Director: Kwak Kyung-Taek
Cast: Yu Oh-Sung, Jang Dong-Gun, Seo Tae-Hwa, Jung Woon-Tak, Kim Bo-Kyung
As you might have heard, up to date, Friend is the highest grossed film in Korean film history. It is the most successful Korean film ever made. When it was exported to Hong Kong, the reaction of the audience, however, was not that consistently positive.
The plot of the story is quite simple, It follows the cliches of the same genre. Four friends grew up together in the 1970s and end up in different life paths. Joon-suk (Yu Oh-Sung) and Dong-su (Jang Dong-Gun) become gangsters while Sang-taek (Seo Tae-Hwa) and Joong-ho (Jung Woon-Tak) further their studies and enroll in college. Although they are leading a very different life, what is not changed is their life-long friendship, or is it?
To the Hong Kong audience, this plot certainly resembles so many gangster movies, with the most prominent example of Young and Dangerous. Having said that, does it mean this film is not worth to look at? From the rating I gave this film, you'll probably know the answer. Borrowing a term from independent filmmaker Rick Schmidt, this film is an "adult movie". By that I do not mean it contains pornographic or ultra violent materials, what I mean is that Kwak Kyung-Taek succeeds in showing us the complicated adult social interactions. It is a movie about the difficulties of a tough life. If you are looking for something that is filled with nudity, sex, car chase, or mood music melodrama, I am sorry, this is not the film you would like to see. The genunine emotions and personalities constructed by the director are what make this film a valuable viewing experience.
Director Kwak Kyung-Taek shows sympathy toward his characters. Unlike many gangster films in which the gangster protagonist is always praised and glorified, Joon-suk is totally different. What makes Joon-suk appealing is not his gangster background. It is all about his authentic human nature. He cares about his friends, he is aware of his own position and is able to provide his most sincere advice to his friend Sang-taek and prevent him from falling into the dark side. Dong-su is supposed to be the antagonist of this film. But he is not that evil. He will remember his childhood life with his buddies, he will heed Joon-suk's advice even though they belong to the opposing crime families. Kwak does not radicalize or develop his characters in an extreme manner. The characters appear so real and profound. It is the reason why we will feel so touching and really commiserate with the misfortunes of the characters.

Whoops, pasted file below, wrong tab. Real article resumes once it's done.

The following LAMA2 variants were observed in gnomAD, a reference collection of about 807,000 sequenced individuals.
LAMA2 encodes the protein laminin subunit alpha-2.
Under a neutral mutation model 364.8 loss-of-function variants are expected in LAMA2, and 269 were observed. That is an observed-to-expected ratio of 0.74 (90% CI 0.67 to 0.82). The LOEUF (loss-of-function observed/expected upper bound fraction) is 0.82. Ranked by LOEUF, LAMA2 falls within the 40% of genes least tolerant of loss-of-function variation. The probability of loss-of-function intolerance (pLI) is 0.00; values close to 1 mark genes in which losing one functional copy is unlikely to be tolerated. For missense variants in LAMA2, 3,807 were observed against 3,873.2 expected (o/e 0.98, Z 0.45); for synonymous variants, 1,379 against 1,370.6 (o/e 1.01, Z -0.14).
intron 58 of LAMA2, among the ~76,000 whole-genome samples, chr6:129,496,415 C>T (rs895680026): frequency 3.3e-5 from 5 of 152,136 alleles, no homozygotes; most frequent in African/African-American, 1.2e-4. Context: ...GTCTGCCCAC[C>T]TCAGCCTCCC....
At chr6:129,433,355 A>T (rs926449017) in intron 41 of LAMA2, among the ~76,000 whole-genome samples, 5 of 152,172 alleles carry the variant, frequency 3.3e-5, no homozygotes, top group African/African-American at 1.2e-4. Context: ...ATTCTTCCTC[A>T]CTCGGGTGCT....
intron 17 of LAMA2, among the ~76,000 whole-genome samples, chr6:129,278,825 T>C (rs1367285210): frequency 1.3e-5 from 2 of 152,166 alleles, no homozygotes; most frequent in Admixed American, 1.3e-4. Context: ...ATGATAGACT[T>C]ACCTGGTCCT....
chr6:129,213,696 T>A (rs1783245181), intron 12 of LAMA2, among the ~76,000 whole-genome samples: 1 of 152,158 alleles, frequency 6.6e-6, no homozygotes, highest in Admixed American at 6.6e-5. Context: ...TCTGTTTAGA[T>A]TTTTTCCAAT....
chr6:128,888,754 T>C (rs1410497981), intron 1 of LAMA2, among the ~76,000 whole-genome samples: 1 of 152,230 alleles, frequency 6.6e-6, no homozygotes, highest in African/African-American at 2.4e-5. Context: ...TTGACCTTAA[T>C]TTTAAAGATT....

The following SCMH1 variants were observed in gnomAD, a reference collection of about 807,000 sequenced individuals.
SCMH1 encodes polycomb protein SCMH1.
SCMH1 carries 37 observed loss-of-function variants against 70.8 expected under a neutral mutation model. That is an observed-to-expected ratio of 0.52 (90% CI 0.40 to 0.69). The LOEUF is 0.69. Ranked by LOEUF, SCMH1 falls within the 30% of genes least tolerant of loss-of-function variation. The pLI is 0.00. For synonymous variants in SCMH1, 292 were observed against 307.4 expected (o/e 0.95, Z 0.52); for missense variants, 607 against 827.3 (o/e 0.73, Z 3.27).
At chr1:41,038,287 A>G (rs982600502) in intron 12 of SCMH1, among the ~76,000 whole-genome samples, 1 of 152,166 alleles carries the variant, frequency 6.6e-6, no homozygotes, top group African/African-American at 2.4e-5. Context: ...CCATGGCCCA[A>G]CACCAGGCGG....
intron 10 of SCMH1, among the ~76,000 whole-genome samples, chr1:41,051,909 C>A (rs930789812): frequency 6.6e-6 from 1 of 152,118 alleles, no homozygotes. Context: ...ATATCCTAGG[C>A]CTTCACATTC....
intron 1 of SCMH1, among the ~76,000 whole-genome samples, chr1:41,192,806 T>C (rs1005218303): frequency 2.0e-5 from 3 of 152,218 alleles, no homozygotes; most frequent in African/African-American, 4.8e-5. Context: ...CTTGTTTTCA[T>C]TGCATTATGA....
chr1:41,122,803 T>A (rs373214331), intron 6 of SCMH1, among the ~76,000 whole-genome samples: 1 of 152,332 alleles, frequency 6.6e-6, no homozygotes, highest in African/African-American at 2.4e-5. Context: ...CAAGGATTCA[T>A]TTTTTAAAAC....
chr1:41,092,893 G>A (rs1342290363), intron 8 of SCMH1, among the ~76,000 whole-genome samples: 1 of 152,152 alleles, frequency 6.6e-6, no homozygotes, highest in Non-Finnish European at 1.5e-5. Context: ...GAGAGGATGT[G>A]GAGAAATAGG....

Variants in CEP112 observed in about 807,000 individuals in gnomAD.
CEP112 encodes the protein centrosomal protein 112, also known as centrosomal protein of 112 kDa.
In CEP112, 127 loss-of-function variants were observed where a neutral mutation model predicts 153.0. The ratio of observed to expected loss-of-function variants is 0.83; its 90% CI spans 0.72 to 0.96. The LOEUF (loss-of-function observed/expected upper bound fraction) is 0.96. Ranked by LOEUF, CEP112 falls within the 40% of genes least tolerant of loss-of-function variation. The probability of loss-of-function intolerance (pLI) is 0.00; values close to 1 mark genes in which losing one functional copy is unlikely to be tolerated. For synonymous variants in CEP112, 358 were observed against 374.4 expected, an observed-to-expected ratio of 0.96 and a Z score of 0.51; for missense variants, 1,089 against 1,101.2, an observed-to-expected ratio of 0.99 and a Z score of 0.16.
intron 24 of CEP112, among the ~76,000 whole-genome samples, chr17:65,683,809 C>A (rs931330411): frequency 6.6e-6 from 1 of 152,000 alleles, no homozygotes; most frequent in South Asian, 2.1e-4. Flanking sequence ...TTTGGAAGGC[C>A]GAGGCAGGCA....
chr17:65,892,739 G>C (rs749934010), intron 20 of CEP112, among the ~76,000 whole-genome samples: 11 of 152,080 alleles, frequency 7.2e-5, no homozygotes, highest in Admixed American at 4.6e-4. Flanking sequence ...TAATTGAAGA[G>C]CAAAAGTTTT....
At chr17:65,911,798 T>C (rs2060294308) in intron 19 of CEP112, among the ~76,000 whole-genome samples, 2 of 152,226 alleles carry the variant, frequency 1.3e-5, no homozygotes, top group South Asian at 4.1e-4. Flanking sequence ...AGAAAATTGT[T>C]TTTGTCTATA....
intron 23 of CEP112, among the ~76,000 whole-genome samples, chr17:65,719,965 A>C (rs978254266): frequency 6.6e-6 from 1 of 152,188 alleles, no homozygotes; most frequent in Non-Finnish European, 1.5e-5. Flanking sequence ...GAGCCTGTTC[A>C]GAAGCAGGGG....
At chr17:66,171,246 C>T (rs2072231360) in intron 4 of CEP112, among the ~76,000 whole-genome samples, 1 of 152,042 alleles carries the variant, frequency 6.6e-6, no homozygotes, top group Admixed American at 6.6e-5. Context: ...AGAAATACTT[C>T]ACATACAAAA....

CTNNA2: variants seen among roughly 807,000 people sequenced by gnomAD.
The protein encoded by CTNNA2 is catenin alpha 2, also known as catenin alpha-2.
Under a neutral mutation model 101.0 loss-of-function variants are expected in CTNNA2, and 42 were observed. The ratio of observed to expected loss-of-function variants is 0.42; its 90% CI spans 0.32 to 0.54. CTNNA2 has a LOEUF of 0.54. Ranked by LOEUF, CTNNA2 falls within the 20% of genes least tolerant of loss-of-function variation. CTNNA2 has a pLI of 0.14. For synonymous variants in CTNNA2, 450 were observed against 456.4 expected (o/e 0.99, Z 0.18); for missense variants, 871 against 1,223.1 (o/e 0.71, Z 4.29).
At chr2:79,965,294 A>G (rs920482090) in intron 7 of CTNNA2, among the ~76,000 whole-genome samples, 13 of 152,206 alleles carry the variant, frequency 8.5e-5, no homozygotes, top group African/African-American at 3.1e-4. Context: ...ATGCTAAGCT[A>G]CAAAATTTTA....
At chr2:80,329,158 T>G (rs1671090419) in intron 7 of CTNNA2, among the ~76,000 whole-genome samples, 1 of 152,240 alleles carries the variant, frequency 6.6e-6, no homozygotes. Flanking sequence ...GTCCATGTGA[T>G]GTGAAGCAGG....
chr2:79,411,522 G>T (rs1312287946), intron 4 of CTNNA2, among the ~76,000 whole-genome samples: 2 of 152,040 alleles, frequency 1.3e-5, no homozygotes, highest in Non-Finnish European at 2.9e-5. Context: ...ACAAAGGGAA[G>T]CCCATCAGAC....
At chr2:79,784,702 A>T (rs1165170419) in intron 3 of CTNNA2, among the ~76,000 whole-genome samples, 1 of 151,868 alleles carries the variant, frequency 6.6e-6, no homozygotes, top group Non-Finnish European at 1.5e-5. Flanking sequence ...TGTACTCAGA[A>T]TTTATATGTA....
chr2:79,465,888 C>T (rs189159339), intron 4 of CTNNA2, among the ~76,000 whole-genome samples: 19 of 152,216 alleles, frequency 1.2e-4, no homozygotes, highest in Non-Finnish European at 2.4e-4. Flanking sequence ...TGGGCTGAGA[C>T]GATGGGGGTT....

The cinematography is surprisingly good. Although there are quite a number of violent scenes, the camera angles and the composition are brilliantly arranged. It results in many remarkable moments for the audience. For instance, in the funeral of Joon-suk's father, Dong-su says farewell to Joon-suk and steps into the dark. Explicitly, his exit indicates that he is going to join another crime family, while in a metophorical sense, his departure into the black also symbolizes that he is entering a dark path where there is no return.
Friend is an entertaining flick, and it is also a piece of art. Not too many filmmakers can maintain a balance between this two aspects of the film craft, but apparently Kwak Kyung-Taek knows the way.
DVD (HK version) - The picture quality, as well as the sound, are both very good, everything looks quite sharp. The extra music video is not the original Korean one but the chinese version performed by Patrick Tang, the song title is "Friend No. 2", which is not a bad song, however, it is not a full version of the song. What I dont like about this DVD is that there is no way to fastforward the Mega Star logo trailer in the beginning, and that trailer is pretty long, it is kinda annoying sometimes.
Reference: Schmidt, Rick. Feature Filmmaking at Used-Car Price. Penguin Books, 2000.
Cool guy(s) - Yu Oh-Sung, Jang Dong-Gun
Reviewed by: Kantorates